Although he abandoned art criticism in the 1850s, in 1878 Ruskin wrote a scathing review of the work of George Abbott McNeill Whistler ( 1834–1903). “I have seen, and heard, much of cockney impudence before now; but never expected to hear a coxcomb ask two hundred guineas for flinging a pot of paint in the public’s face,” he ranted in Fors Clavigera, a series of letters addressed to the British working man that appeared in four volumes in the 1870s. Whistler sued, and although Ruskin lost the case, was only required to pay a farthing in damages. The trial marked a changing of the guard. The new voices of the Aesthetic movement gained prominence, headed by Ruskin’s disciples Walter Pater (1839–1894) and Oscar Wilde (1854–1900), who echoed Ruskin’s high style, but in praise of art that has decidedly moved on from Ruskin’s tastes, which, latterly, had gravitated to the works of book illustrator Kate Greenaway. Ruskin died in January 1900, almost exactly a year before Queen Victoria (they were both born in 1819). As an arbiter of taste, he remains unsurpassed. J.M.W. Turner, is on view at The Metropolitan Museum of Art from July 1 through September 21, 2008. For information call 212.535.7710 or visit www.metmuseum.org.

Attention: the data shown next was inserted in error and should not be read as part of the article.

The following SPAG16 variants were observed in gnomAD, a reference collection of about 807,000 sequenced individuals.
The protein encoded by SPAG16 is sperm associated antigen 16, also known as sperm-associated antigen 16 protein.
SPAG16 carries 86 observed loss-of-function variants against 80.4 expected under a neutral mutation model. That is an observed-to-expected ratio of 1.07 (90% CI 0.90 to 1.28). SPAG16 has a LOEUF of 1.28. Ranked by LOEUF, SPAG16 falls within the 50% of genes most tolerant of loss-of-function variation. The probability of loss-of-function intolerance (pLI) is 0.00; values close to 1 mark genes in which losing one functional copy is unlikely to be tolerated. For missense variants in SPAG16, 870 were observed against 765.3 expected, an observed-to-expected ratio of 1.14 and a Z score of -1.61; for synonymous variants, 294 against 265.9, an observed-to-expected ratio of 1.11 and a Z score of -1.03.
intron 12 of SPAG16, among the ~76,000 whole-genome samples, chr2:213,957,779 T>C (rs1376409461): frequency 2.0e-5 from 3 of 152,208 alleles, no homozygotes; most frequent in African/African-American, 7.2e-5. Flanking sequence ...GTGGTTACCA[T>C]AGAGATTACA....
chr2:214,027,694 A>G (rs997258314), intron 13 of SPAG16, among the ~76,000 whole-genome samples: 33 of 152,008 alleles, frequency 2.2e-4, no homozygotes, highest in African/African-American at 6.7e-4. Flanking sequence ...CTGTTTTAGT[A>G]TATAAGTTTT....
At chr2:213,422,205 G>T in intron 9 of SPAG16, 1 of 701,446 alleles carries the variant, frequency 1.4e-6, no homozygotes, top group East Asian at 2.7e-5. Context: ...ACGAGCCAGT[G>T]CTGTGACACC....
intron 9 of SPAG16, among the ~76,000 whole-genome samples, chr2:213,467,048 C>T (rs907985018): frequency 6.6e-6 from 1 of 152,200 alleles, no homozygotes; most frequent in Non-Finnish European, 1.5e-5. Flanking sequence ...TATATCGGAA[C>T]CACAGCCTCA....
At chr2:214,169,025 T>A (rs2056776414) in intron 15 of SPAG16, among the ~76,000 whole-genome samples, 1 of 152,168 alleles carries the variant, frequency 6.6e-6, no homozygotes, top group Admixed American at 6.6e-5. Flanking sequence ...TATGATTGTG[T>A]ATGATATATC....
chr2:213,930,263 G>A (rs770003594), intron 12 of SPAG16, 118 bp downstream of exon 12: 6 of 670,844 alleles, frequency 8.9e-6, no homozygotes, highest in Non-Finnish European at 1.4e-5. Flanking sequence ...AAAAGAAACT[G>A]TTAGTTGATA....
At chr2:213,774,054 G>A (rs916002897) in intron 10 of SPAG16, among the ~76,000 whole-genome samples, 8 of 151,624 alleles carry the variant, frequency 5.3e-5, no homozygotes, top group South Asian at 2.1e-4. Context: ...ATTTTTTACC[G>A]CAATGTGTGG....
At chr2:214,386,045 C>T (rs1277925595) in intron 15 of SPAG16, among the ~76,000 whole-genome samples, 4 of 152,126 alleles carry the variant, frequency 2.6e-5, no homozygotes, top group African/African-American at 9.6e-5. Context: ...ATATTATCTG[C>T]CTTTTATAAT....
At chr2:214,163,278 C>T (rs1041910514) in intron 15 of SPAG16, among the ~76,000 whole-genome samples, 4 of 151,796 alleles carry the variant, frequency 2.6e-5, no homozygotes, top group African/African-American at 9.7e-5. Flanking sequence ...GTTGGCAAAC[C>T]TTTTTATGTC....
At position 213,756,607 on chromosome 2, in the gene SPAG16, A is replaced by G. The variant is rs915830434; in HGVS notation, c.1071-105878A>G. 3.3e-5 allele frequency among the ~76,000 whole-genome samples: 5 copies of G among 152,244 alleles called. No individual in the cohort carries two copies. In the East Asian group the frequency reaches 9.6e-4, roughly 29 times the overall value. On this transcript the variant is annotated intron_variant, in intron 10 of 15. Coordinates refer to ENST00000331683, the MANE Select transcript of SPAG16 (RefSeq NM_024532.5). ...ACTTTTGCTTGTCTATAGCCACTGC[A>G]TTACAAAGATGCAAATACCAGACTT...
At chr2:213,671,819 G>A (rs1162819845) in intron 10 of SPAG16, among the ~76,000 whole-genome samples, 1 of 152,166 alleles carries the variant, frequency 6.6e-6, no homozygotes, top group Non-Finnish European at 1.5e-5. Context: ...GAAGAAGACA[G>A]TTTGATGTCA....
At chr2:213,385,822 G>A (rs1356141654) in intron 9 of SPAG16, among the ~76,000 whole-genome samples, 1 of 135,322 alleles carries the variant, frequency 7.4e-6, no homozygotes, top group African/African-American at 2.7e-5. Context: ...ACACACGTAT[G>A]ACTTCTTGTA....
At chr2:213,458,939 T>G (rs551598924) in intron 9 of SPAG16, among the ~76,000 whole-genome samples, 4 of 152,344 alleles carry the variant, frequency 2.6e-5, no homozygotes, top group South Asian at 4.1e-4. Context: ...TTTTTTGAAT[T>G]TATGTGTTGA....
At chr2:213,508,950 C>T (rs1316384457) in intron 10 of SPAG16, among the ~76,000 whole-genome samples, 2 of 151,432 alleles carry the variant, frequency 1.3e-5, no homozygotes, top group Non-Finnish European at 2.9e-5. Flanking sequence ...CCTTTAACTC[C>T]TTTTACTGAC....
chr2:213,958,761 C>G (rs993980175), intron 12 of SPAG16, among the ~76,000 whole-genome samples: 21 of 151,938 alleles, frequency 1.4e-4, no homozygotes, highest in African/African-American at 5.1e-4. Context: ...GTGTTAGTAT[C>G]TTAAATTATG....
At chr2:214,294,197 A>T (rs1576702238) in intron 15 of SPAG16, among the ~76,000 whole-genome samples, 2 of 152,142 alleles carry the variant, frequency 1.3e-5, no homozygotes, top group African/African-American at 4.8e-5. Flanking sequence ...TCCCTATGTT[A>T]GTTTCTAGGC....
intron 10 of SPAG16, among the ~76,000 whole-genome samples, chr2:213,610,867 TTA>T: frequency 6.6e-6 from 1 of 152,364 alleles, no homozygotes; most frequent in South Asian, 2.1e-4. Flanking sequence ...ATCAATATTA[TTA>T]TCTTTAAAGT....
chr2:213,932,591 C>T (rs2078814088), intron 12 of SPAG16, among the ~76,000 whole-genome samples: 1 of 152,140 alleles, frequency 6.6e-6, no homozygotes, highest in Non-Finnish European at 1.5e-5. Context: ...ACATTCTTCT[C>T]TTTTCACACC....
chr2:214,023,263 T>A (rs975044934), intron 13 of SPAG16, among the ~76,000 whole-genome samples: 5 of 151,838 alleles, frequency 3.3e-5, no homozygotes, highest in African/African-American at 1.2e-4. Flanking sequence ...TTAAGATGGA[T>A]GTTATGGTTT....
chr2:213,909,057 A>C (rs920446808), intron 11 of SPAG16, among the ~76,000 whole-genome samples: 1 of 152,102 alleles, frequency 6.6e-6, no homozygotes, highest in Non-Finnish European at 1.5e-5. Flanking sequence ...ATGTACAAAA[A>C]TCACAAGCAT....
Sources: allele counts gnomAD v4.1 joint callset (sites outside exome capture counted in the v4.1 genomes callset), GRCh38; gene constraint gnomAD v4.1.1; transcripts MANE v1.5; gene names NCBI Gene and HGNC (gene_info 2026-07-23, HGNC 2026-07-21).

As an arbiter of taste, he remains unsurpassed. J.M.W. Turner, is on view at The Metropolitan Museum of Art from July 1 through September 21, 2008. For information call 212.535.7710 or visit www.metmuseum.org.


Ruskin’s range of interests was enormous. In over 250 works, he wrote not only about art, but also about literature, science, the environment, and politics. His late writings on politics and economics influenced the creation of the Labour Party and Christian Socialism. Named the first Slade Professor of Fine Art at Oxford in 1869, Ruskin also taught at the Working Men’s College, a product of the Christian Socialist movement, founded in 1854 in London. His thoughts on design engendered the Arts and Crafts movement, and his influence on intellects—contemporary and to come—was immense. Marcel Proust, who translated many of his works into French, claimed to know them by heart.


Charles A. Riley II is a cultural historian and professor at City University, New York, whose two dozen books include Aristocracy and the Modern Imagination and Color Codes.